From James Jones Wilmer
Post office, Havre de Grace [Md.] Feby 4. 1795.
I have been acting some time past under a Commission from Timothy Pickering Esqr. as Post master in this Town. The business is perfectly familiar and intelligible to me, but the compensation to the Post Master, tho’ equally obliged to be constant at his Post as in other places, will not exceed Fifty Dollars at the close of the year.1
I have a young, numerous and increasing Family of Children, without any provision for them, and in very narrow Circumstances. If your Excellency should think proper to place me in a situation in which I may obtain a decent living for my Family, as well as be useful to my Country, the act will be a benevolent one, and call forth the most grateful aspirations, and I trust, faithful Services. Any superintendency or employ in the City of Washington Ter: Columbia, would be very pleasing.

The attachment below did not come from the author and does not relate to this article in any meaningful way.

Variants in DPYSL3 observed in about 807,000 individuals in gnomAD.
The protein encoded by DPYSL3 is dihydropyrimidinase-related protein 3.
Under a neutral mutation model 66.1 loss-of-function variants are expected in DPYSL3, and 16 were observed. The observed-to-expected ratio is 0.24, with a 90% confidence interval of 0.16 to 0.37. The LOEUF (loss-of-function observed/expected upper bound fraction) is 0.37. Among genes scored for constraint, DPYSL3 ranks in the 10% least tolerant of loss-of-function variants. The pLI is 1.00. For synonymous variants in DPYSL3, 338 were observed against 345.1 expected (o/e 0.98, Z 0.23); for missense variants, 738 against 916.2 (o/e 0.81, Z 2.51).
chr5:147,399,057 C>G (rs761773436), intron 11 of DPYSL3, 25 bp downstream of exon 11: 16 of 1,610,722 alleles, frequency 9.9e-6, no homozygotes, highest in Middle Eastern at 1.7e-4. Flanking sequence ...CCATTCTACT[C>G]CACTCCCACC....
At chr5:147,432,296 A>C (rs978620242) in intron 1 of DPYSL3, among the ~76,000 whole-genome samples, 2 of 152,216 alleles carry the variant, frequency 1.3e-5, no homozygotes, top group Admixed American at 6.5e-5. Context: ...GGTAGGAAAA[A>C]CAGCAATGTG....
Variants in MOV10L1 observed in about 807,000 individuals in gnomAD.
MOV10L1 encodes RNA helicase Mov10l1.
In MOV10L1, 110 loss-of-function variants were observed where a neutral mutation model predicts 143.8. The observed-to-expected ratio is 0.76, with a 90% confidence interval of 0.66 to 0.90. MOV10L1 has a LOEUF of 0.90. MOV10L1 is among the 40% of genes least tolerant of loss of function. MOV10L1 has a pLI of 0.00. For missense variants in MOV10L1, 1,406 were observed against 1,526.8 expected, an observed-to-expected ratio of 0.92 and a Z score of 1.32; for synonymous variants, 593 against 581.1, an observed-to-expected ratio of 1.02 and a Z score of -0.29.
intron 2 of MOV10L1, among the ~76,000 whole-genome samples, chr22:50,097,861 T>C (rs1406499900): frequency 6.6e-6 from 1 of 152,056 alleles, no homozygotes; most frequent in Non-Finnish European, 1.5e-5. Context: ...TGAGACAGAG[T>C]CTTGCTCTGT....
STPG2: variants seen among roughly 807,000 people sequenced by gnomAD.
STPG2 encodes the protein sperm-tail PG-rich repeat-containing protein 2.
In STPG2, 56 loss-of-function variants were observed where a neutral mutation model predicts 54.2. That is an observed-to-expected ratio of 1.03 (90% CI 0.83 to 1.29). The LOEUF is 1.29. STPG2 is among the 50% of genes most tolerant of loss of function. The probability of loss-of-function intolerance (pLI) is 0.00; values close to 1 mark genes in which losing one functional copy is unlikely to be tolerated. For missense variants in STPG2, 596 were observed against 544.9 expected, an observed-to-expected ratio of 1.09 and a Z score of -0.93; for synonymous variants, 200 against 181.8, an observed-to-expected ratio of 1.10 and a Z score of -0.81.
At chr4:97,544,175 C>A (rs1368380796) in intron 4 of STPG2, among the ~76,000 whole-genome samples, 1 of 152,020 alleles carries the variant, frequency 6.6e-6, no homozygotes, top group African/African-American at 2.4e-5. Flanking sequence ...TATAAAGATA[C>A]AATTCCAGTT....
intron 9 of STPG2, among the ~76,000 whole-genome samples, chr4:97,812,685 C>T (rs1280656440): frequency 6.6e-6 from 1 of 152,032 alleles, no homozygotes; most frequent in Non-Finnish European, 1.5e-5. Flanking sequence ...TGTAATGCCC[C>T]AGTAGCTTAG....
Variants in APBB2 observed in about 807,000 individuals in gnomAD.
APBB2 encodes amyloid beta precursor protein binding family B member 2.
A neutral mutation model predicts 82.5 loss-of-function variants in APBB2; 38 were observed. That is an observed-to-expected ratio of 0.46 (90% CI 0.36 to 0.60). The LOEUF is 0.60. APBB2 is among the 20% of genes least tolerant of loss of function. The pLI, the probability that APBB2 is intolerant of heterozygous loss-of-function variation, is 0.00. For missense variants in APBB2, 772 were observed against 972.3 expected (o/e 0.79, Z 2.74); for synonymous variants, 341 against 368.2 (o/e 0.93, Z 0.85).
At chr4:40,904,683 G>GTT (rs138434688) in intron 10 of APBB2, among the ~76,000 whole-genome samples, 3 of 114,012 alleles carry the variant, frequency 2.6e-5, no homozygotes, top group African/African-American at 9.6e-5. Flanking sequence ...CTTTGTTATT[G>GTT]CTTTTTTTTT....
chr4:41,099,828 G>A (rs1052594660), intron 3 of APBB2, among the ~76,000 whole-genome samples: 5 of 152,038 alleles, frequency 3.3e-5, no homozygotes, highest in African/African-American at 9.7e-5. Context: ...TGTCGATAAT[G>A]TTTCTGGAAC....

Pardon Sir, the liberty assum’d. Viewing you as the Father of the American People, and the sympathizing Friend of man, I thought no one so proper to make known my real situation as the President of the United States.
With the most affectionate regard, and Sentiments of the highest veneration and respect, I have the honor to subscribe myself, Sir, Your most obedient and humb. Ser.
James Jones Wilmer
1. Wilmer was offered the position of postmaster at Havre de Grace on 6 Jan. 1795 and accepted it two days later. Finding the compensation insufficient, he resigned by April 1795 (Charles Burrall to Wilmer, 6 Jan., 14 Jan., 20 March, 16 April, DNA: RG 28, Letters Sent by the Postmaster General).